FAIRBANKS - Like the tourists who hope to see them, wolves in Denali National Park and Preserve come and go.
The average life expectancy for a wolf in Denali Park is three years. About a quarter of the approximately 100 wolves that inhabit the 6-million acre park die each year.
They starve. They get kicked by moose. They drown in rivers. They get buried in avalanches.
The number one cause of death for Denali Park wolves, though, is Denali Park wolves. You might say it's a wolf-eat-wolf world. Of the 20 to 25 wolves that die each year in the park, about half are killed by other wolves.
"We've had several packs die out due to starvation or being killed off by other wolves," biologist Layne Adams, who heads the park's wolf research program, said. "By and large the most important factor when it comes to wolf mortality in the park is other wolves.
"In any given year in Denali a wolf has four times the chance of being killed by another wolf than a trapper or hunter."
Yet, when the last-known member of the Sanctuary Pack was killed in a trap just outside the park's northeast boundary this spring, the state's wolf watchdogs howled in protest.
The Sanctuary wolves, along with the East Fork or Toklat Pack, were the only two packs that were regularly seen by thousands of tourists who travel into Alaska's most famous park each year.
The Sanctuary Pack was wiped out due to several factors. The male leader of the pack was killed by a moose and the alpha female was killed two months later after being tranquilized by researchers. Two of the three remaining pups disappeared and the last pup, a 22-month-old female wearing a radio collar, was the one caught in a trap.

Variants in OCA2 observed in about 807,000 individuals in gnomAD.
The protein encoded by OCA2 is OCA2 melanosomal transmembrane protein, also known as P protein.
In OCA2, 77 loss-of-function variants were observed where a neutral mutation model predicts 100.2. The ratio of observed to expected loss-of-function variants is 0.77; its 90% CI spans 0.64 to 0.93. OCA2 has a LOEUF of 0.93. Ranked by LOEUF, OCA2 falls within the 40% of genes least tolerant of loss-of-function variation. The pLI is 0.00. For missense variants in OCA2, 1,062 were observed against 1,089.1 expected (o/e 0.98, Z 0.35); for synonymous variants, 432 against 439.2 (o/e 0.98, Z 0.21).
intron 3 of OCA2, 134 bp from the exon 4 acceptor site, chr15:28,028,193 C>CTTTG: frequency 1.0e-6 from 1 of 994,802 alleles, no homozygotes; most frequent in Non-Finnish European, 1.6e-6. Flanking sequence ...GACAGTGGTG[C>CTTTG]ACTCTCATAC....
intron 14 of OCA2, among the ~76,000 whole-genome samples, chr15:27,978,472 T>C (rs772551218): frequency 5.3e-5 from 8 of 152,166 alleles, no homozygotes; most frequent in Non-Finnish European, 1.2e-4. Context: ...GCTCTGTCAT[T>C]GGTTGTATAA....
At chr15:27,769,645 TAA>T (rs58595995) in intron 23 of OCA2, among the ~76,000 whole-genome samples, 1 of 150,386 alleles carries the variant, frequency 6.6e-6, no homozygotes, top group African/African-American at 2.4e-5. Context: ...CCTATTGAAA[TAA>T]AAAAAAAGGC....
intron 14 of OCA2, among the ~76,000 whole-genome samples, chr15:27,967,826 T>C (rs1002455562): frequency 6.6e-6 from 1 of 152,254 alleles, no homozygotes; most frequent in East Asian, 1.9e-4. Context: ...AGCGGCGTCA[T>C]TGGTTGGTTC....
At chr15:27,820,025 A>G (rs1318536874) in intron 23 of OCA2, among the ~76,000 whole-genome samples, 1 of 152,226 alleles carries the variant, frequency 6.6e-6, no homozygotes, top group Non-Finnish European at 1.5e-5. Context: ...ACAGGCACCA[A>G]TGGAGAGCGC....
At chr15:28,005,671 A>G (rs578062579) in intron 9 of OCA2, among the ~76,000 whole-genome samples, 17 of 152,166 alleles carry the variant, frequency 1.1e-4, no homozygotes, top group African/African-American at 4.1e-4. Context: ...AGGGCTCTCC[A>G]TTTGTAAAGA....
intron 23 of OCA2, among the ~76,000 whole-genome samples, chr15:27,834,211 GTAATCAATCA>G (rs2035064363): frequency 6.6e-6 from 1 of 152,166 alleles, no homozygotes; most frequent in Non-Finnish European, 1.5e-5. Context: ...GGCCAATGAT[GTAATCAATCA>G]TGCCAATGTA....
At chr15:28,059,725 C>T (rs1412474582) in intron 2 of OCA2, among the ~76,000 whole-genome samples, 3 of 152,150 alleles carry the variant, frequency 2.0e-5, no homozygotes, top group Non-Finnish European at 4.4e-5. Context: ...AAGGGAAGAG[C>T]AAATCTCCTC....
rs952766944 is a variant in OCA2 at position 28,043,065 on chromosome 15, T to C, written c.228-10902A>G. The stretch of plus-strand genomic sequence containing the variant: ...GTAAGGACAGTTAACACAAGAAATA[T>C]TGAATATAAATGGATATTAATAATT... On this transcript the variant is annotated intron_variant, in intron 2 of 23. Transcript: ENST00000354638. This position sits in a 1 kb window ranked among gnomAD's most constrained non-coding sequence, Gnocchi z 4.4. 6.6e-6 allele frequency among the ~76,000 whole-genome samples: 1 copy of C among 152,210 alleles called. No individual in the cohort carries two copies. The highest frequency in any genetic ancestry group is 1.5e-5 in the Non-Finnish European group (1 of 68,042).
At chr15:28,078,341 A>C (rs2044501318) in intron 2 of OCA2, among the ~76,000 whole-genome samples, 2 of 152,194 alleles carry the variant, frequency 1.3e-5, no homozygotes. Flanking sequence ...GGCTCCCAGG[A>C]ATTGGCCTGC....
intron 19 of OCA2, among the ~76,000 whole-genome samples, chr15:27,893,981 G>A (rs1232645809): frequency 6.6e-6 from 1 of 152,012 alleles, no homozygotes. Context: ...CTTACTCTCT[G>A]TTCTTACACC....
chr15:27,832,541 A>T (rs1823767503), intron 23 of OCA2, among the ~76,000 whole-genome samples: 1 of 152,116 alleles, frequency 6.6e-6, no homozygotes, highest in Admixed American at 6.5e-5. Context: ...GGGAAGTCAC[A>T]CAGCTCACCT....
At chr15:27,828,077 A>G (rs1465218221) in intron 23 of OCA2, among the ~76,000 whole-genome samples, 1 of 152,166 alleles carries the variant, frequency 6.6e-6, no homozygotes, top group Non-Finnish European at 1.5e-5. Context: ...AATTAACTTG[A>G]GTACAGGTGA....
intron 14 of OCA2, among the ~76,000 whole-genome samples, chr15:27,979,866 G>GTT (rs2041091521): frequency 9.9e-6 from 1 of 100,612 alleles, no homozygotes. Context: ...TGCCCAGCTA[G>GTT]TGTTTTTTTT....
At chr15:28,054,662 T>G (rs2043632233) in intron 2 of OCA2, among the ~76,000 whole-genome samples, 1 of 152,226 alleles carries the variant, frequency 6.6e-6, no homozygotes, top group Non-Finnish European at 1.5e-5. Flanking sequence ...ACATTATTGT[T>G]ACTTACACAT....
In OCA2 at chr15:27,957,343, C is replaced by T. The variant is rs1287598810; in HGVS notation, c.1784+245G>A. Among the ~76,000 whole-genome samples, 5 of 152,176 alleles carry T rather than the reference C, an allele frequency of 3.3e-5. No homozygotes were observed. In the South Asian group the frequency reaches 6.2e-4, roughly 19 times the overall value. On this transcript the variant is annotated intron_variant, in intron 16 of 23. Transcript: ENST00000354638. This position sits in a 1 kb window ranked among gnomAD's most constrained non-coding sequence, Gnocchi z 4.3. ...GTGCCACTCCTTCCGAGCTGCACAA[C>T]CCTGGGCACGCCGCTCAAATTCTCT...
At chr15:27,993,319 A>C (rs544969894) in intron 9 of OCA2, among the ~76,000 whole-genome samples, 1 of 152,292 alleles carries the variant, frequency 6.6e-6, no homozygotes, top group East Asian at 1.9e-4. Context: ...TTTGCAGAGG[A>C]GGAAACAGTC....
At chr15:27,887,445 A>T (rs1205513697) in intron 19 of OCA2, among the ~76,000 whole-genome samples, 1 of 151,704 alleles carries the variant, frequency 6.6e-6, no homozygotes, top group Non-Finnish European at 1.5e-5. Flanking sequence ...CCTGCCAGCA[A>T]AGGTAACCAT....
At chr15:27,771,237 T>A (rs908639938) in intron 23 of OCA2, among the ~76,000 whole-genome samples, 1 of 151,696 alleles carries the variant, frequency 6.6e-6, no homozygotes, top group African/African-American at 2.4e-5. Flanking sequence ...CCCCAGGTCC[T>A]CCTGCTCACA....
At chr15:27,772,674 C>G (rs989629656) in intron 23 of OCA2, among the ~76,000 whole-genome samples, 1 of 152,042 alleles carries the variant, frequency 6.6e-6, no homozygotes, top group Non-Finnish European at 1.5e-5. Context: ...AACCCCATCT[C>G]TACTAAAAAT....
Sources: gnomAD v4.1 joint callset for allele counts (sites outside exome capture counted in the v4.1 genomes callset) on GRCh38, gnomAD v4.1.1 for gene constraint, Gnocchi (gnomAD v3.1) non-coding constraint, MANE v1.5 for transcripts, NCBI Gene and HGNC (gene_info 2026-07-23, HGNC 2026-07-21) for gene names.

"For the price of a pelt or two, what a waste," said Paul Joslin, executive director of the Alaska Wildlife Alliance, in a eulogy to the Sanctuary wolves.
Wildlife biologist Gordon Haber, who has tracked wolves in Denali Park for the last 36 years and whose research is funded by the animal-rights group Friends of Animals, called the death "predictable."
Both Haber and Joslin scolded the park service for allowing another pack of wolves to be wiped out, which ruined prime viewing opportunities for tourists and valuable research opportunities for scientists.
They used the death of the last Sanctuary wolf as a rallying cry for a bigger no-hunting and no-trapping buffer that would protect wolves from wandering outside the northeast corner of the park where they are legal game for trappers and hunters in the nearby communities of Healy and Denali Park, which sit on the northern boundary of the park.
The Alaska Board of Game last year established a 90-square-mile no-hunting, no-trapping area northeast of the park to protect the Toklat Pack, but animal protection groups attending a recent Board of Game meeting in Fairbanks pushed for a larger buffer to protect the Sanctuary Pack's territory. The game board, however, took no action on the proposal.
"We need to do more for these viewable wolves we have," Joslin said. "The cost of a wolf pelt is nothing compared to the value these wolves hold for the tens of thousands of people that go to the park."
"All wolves are not the same," Joslin said.